Bombs have been falling on Ukrainian homes, hospitals, factories, and power plants for months now. The people live in constant fear. Despite that, their will to win seems unbroken. Even a winter without enough electricity, water, and heat doesn’t appear to make them falter. Where are the Ukrainians finding this strength? Dr. Eduard Klein from the Research Centre for East European Studies (Forschungsstelle Osteuropa – FSO) at the University of Bremen explains the Ukrainian perseverance.
Anyone who wants to understand the Ukrainian resistance should first take a look back in time. “What Putin is alluding to with his expression ‘brother people’ is clear: large parts of Ukraine and Russia are united by a centuries-long shared history,” says Eduard Klein, an Eastern European researcher. But this is a losing argument because, on closer inspection, it does not apply to the entire territory of Ukraine – parts of the west, for example, belonged to Austria-Hungary for a long time, and other parts of today’s Ukraine belonged to the Polish-Lithuanian state. “Putin’s claim to the whole of Ukraine for historical reasons is therefore unjustified. The Ukrainians are very aware of this,” explains Klein.
“Brothers” Move Away from Each Other
According to Klein, most Ukrainians do not feel emotionally attached to Russia either. “When the Soviet Union collapsed in 1991, more than 90 percent of Ukrainians voted for independence. They were very proud to finally have their own state,” explains Klein. Since then, the so-called brothers have moved further and further away from each other. This was expressed in the “Orange Revolution” of 2004 and the “Euromaidan” of 2013/2014, a result of which has seen Ukraine forging links with the West and seeking EU and NATO membership. Why? Klein lists several reasons. “Well, people have eyes. They can see that the people of Europe are doing better economically than people in Russia. They are also seeing the continually declining situation in Donbas, which has been under Russian rule for eight years.” Corruption has increased sharply there, the economy is struggling, and human rights and freedom of the press are being massively curtailed.
Atrocities of Bucha Bolster Fighting Spirit
The brutal behavior of the Russian occupiers also brings back painful memories to many Ukrainians. Many would still remember their grandparents’ stories: during the tsarist period, the Ukrainian language was banned. In the early 1930s, Stalin starved millions of Ukrainians in the “Holodomor,” which the German government has now classified as genocide. According to Klein, all of this is deeply engrained in the collective memory. Nevertheless: “At the beginning of the invasion in February 2022, many Ukrainians were still willing to negotiate,” says Klein. This changed suddenly, however, when the pictures from Bucha and other places became public. The brutal crimes committed by the Russian military against the civilian population made it clear to all Ukrainians what kind of repressive regime they will face if the Russians win their war of aggression.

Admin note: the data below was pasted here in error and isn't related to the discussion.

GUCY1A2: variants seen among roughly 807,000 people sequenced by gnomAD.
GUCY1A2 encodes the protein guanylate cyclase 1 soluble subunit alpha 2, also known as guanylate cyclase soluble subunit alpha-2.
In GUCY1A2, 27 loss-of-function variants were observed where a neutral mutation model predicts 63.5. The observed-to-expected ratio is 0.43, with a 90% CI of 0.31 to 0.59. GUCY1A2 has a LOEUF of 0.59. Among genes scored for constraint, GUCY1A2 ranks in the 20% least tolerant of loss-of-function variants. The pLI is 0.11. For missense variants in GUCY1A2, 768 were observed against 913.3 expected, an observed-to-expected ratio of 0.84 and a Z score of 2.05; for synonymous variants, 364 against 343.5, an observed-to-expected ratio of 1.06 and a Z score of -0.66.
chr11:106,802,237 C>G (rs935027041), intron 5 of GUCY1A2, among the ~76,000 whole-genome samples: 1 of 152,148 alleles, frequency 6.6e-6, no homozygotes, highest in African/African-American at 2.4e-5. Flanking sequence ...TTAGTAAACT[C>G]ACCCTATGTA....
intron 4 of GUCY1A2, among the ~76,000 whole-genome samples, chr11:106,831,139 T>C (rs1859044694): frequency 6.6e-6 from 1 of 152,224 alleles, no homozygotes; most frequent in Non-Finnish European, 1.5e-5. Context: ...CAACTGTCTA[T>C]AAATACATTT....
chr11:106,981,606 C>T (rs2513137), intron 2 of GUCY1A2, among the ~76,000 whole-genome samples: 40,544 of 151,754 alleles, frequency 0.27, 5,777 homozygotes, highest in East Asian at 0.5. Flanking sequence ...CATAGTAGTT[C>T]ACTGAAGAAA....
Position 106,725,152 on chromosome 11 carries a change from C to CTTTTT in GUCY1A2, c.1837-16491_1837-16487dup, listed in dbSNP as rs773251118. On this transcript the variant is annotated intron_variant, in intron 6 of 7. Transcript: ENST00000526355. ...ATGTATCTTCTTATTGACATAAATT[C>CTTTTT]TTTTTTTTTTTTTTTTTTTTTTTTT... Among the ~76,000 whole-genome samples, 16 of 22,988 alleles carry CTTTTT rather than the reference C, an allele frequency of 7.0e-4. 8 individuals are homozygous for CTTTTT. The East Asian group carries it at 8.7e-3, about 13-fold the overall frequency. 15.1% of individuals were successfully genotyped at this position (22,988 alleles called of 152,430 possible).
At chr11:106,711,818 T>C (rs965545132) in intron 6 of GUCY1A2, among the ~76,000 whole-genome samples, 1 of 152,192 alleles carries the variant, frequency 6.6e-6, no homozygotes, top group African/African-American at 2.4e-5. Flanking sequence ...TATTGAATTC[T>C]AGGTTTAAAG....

FSO a Place of Refuge
Since the outbreak of the war, Klein has once again intensified his contacts with Ukraine. He has spent decades researching the conditions in Eastern Europe, studied in Russia, and has been in Ukraine several times to conduct research, including at Kharkiv University. “To think that the buildings I was in are now destroyed and that the people I met there are living in constant fear is just terrible,” says Klein. Many researchers at the FSO feel the same way. “The Russian invasion turned everything upside down here,” says Klein of the stressful weeks in the spring. To offer immediate aid, the FSO created special scholarships to help academics fleeing Ukraine as well as threatened colleagues in Russia and Belarus. Almost 20 people have now come to Bremen, some with their families. The FSO employees helped people get to Bremen and took care of apartments and other day-to-day matters for them. In the meantime, the situation has calmed down and work with the “newcomers” at the FSO is also going well. There is, however, a problem: “We rely on international stays, field research, visiting archives, and interaction with the local people. Due to the Russian war of aggression, we are currently unable to enter Ukraine or Russia, with which scientific relations are on hold.” This poses enormous challenges for the work of the FSO researchers. “We haven’t yet found any good solutions for how to deal with this going forward,” says the researcher. Putin’s war of aggression has thus greatly changed the working environment and everyday working life of Klein and his colleagues.
Research Centre for East European Studies website
Ukraine analyses (joint project of the FSO with other research institutes)
University of Bremen website with services for students and researchers affected by the war in Ukraine
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